The report examines first of all what ‘a gender perspective’ in peace agreements might mean, suggesting that the term has not been fully enough considered. It also produces data on when women have been specifically mentioned in peace agreements, between 1 January 1990 and 1 January 2015. The data highlights that Peace agreement references to women have increased over time, apparently partly under the influence of UN Security Council Resolutions on women, peace and security. The increases have been greater in processes in which the UN was a signatory or declaratory to the peace agreements. However, often agreements with the most ‘holistic’ references to women are often highly internationalised agreements in which there is little real ‘agreement’ between the parties to the conflict, and where as a result there is a chronic implementation failure, both of the agreement and of its women provisions. Nonetheless some examples of good practice do exist. For example, substantive measures on equality for women and sexual violence have improved over time.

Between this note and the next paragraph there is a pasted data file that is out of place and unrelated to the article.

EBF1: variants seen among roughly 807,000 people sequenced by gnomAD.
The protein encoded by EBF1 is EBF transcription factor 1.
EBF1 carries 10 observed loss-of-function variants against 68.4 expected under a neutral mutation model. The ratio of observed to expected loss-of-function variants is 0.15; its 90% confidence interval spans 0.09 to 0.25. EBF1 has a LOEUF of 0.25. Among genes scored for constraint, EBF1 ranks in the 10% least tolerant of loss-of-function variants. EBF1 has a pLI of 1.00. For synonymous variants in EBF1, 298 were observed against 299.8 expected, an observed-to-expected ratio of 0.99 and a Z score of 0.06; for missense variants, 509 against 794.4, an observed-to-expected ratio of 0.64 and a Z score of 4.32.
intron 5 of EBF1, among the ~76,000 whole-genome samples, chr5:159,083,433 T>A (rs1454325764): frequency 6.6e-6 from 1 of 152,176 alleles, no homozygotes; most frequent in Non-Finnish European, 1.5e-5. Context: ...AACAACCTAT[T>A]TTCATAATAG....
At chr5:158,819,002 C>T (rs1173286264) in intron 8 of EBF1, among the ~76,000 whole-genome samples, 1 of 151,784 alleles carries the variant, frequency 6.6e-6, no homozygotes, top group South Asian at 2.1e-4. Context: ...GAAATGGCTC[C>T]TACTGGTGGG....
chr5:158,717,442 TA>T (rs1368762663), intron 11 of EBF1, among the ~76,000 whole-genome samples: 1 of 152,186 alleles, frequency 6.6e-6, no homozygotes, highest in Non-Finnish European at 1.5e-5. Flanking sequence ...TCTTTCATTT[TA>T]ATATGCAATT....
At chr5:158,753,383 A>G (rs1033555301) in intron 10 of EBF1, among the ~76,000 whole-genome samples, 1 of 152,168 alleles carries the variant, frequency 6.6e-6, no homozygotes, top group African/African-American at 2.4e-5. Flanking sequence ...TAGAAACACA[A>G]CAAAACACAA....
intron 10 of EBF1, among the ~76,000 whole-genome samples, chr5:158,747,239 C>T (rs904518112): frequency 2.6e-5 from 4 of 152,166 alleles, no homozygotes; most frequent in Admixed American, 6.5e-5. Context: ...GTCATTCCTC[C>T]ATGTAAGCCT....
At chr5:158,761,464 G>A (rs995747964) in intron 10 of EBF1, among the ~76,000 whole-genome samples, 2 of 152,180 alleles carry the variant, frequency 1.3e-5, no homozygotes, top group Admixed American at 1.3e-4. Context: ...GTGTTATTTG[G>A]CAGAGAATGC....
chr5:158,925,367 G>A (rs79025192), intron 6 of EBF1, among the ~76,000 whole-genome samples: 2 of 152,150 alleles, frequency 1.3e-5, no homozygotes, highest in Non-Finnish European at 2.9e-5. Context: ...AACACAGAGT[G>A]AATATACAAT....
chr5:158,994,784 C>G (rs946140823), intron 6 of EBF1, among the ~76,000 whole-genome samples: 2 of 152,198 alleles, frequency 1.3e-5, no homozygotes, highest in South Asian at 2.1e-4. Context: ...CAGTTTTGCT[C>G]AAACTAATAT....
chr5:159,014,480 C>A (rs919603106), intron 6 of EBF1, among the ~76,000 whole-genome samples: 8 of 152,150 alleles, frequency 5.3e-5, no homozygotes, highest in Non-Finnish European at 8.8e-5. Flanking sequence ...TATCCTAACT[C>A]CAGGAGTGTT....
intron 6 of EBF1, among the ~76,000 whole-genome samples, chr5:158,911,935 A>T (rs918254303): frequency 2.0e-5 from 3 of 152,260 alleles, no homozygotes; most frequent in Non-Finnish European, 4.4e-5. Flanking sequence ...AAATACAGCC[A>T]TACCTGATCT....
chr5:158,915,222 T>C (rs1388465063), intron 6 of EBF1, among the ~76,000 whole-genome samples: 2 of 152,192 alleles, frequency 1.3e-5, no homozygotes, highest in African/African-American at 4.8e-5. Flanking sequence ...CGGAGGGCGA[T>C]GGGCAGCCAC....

The full report, and an executive summary, are both available for download.
Bell, C. Text and Context: Evaluating Peace Agreements for their ‘Gender Perspective’. Political Settlements Research Programme (PSRP), Edinburgh, UK (2015) 6 pp. [Report 1]